“Since the NIST Cybersecurity Framework is globally applied, it has helped the Cross-Sector Forum have a shared language among different industry sectors and facilitated our comprehensive discussions between member companies in Japan and their subsidiaries outside Japan.”
- Koji Ueno, Chairperson
Benefits from Using the Framework:
Since many Forum member companies have business operations both in and outside Japan and they sponsor the 2020 Tokyo Summer Olympic and Paralympic Games, the Cybersecurity Framework helps members to communicate with global cybersecurity professionals in government and industry in a globally shared language.
In June 2015, NTT, NEC, and Hitachi took the initiative to launch the Cross-Sector Forum with major critical infrastructure companies from the chemical, financial, manufacturing, media, and transportation sectors in Japan to establish a good ecosystem to educate, recruit, retain, and train cybersecurity professionals in collaboration with academia and government.
The Forum meets monthly and has four Committees: the cultivation of cybersecurity talents, the definition of cybersecurity talents, information sharing, and industry-academia collaboration. Each committee and the Steering Committee also meet monthly.
As of September 2018, the Forum has about 40 members.
There are three differences between Japanese and U.S. companies in terms of cybersecurity professionals. First, Japanese companies still keep life-time employment and rotate their employees every two to three years. Thus, industry finds it challenging to keep up with fast-developing cybersecurity changes. Second, while 62.7 percent of Japanese companies have CISOs in 2017, they are mostly dual-hatted and they lack a firm cybersecurity background. That makes it especially crucial to assign experienced cybersecurity professionals to the CISO team. Third, Japanese end-user companies tend to outsource most IT and cybersecurity work to system integrators. Only 24.8% of IT professionals work in-house in Japan, whereas 71.5% do so in the U.S.
Since the majority of the Forum members are end-user companies, they needed to define cybersecurity talent first.
Because of the Japanese business culture, two-to-three year rotation makes it challenging for employees to accumulate cybersecurity expertise. The Forum’s Committee to Cultivate Cybersecurity Talents decided that it is better to identify what cybersecurity missions Japanese end-user companies need and, then, what cybersecurity skills are required to achieve them.
First, the Committee prepared a questionnaire asking member companies about how their cybersecurity teams, such as the Information Systems Department, are structured.
Second, the Committee started to look for a global rather than a domestic cybersecurity standard for the protection of critical infrastructure, seeking a unified language between different industry sectors since many members run their businesses in multiple countries.In May 2014, the Japanese Information-Technology Promotion Agency (IPA) published a version of the NIST Cybersecurity Framework translated into Japanese.
Third, several member companies already had some knowledge about the NIST Cybersecurity Framework. They played a key role in mapping between how cybersecurity-related teams are structured and what missions and skills are needed. They used the Cybersecurity Framework as a global standard describing cybersecurity missions and terminologies applicable to any industry. Since the NIST Framework provides a holistic picture helping companies to determine what they should do, the Committee was able to make the map more comprehensive. This process took a few weeks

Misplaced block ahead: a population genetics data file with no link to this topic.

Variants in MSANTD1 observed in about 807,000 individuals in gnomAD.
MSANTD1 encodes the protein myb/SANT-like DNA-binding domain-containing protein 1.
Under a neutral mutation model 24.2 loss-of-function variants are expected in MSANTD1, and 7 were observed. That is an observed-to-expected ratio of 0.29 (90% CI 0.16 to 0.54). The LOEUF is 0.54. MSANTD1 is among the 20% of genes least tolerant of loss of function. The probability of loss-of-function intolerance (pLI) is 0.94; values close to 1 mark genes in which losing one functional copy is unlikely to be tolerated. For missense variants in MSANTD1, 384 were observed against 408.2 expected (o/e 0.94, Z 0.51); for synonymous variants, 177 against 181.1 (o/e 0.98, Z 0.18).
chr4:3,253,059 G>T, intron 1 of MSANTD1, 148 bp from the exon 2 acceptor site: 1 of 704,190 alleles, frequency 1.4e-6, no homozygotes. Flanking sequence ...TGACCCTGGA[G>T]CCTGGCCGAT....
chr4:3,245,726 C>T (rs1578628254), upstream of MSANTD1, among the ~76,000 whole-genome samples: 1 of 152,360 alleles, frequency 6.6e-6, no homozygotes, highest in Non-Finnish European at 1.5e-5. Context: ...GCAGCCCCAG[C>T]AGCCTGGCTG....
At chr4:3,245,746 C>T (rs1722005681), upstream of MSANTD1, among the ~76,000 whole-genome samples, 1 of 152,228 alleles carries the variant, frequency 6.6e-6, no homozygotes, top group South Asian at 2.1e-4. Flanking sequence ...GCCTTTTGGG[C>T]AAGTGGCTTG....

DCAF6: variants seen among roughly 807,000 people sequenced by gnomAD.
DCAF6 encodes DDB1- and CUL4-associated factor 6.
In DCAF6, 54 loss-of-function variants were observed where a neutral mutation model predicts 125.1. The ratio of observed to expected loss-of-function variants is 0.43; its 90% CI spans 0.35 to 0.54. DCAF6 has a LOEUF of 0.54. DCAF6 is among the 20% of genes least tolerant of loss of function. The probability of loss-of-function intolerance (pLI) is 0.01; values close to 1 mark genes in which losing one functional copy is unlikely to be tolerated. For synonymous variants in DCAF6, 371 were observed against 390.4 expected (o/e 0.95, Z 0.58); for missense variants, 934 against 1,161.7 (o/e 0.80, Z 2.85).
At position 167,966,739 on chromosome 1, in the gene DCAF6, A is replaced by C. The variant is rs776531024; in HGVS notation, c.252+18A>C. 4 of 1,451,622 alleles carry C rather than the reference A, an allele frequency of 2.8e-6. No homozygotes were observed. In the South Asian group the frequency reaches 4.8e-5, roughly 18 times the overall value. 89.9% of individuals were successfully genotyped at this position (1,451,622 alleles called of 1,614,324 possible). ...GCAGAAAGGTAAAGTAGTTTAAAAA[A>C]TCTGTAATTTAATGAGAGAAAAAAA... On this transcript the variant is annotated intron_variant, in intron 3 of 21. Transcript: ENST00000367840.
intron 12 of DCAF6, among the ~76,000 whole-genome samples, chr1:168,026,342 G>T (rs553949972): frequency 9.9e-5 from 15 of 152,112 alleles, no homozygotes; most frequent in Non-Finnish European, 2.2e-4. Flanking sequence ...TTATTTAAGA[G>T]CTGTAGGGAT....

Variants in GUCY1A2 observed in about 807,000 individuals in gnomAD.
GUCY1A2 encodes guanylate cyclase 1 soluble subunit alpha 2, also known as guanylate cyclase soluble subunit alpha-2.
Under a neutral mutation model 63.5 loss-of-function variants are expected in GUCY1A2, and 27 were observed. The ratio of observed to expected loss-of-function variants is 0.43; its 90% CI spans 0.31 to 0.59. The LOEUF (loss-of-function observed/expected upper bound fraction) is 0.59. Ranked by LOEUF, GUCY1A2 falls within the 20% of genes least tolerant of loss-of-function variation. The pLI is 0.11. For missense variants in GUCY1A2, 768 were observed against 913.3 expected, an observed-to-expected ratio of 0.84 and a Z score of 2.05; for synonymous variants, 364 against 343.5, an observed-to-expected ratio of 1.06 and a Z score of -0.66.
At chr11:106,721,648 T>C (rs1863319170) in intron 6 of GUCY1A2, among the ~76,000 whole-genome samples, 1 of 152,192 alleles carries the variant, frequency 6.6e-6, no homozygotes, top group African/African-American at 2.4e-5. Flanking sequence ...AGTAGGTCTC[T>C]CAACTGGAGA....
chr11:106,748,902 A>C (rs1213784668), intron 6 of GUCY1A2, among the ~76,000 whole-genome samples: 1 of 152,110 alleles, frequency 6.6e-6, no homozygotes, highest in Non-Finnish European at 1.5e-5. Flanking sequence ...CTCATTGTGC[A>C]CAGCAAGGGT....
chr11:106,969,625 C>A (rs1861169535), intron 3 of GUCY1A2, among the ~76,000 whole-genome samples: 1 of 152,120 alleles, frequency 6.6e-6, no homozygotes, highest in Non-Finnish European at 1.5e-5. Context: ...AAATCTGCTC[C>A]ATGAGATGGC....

Fourth, the core members shared a mapping draft with the other members seeking their input within a month. Consolidating the input and reviewing a new draft was accomplished in another month.
Fifth, the Committee began discussing which positions people execute and when and which cybersecurity work can be outsourced or not.
Since the Forum members have subsidiaries outside Japan, the comprehensive NIST Cybersecurity Framework helped the members implement global cybersecurity practices regardless of their industry sector.
Once NIST notified the Forum of the mapping between the Cybersecurity Framework and COBIT and ISO/IEC 27001, which Japanese companies had been using, the core member companies used it to explain the Framework’s relevance to their cybersecurity missions.
Results and Impacts:
It was the first time Japanese industry worked in a cross-sector initiative to strategically address cybersecurity needs and to seek an impactful solution – rather than waiting for instructions from the government. The NIST Cybersecurity Framework provided the Cross-Sector Forum with a shared definition and understanding of cybersecurity talents. After the Forum published reports with their findings, the government began inviting the Forum to cybersecurity advisory panel meetings to incorporate their insights into Japanese cybersecurity strategy. Some member companies also started to sponsor cybersecurity classes for universities.
As of September 2018, the Forum is developing a guidebook about how to use its publication defining cybersecurity talents, calendars for executing cybersecurity missions, and a guide to insource or outsource cybersecurity operations. The Forum is also creating a database of cybersecurity training programs available in Japan. Once the portal becomes available to the public, anyone will be able to add cybersecurity training programs, explaining how that program can help execute the missions and cultivate the skills associated with various cybersecurity positions.